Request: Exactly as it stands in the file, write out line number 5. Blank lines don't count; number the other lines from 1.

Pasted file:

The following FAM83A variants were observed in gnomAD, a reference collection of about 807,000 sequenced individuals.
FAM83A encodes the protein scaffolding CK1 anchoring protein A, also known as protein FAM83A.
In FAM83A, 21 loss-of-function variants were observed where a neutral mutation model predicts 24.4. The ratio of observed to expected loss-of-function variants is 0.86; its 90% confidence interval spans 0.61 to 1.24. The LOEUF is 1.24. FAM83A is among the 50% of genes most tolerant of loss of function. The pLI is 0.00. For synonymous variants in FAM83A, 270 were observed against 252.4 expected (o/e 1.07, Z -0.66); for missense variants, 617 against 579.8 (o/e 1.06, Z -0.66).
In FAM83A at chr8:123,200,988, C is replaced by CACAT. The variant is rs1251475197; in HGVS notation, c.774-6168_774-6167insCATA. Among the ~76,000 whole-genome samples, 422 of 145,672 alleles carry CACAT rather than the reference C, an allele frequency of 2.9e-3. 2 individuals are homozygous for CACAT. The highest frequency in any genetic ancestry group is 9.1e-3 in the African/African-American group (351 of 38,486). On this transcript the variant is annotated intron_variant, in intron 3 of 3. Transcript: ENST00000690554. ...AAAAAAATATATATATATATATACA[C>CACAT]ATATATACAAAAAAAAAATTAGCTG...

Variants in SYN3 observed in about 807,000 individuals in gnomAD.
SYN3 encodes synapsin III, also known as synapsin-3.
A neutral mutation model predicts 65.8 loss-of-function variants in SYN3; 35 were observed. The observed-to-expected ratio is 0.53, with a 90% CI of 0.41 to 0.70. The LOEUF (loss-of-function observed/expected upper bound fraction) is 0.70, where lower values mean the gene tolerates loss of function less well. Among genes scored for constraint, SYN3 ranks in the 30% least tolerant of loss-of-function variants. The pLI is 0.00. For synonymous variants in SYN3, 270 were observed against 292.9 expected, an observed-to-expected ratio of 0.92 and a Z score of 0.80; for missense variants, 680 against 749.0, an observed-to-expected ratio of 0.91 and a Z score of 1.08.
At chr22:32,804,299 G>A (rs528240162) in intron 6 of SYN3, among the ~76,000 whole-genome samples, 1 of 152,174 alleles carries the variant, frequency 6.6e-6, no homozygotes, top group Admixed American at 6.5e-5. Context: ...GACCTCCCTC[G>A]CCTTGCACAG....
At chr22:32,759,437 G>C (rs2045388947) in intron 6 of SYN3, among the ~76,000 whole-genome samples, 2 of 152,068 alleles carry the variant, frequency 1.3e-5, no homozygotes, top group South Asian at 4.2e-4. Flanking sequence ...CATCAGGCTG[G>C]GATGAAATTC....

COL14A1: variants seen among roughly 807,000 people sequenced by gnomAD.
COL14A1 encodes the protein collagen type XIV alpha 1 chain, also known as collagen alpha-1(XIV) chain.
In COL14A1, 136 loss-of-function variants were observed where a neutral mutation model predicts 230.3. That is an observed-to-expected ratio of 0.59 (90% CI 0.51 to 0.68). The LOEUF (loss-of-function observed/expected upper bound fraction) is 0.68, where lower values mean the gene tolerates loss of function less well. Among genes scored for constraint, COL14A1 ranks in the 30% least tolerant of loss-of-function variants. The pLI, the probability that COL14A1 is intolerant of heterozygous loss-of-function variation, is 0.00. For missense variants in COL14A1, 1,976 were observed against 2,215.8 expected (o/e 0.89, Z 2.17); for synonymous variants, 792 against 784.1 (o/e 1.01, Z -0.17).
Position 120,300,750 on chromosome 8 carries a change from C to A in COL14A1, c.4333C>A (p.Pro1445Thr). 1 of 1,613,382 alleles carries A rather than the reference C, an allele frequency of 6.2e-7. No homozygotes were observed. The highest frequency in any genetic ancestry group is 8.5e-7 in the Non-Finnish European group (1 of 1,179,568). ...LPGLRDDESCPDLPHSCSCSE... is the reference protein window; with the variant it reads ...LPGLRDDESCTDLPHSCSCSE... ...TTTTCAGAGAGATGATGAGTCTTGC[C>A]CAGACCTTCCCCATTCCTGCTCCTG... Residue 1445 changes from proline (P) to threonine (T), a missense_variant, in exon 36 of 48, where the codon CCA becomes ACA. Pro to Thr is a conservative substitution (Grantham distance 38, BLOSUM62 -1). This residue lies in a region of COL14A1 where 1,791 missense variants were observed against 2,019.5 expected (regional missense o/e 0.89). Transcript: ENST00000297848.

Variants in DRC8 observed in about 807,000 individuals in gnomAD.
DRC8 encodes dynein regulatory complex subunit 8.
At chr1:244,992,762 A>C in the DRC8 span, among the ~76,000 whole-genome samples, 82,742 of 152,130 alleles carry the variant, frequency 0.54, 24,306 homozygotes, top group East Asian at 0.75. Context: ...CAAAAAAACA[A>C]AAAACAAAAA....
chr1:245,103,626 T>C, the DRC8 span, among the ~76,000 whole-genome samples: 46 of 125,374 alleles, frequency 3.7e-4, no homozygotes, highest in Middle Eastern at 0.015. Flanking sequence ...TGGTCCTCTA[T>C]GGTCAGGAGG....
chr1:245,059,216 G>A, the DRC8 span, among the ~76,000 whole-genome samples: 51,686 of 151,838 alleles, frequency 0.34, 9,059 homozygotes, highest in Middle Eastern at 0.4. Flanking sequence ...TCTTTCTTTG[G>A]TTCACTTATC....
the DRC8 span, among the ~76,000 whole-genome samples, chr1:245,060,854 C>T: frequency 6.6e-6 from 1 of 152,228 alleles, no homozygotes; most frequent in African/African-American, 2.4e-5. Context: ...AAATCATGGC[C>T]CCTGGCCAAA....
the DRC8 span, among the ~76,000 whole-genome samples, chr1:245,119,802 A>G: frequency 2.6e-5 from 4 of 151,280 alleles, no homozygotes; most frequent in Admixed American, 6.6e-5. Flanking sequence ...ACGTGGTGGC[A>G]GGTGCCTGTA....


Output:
Variants in SYN3 observed in about 807,000 individuals in gnomAD.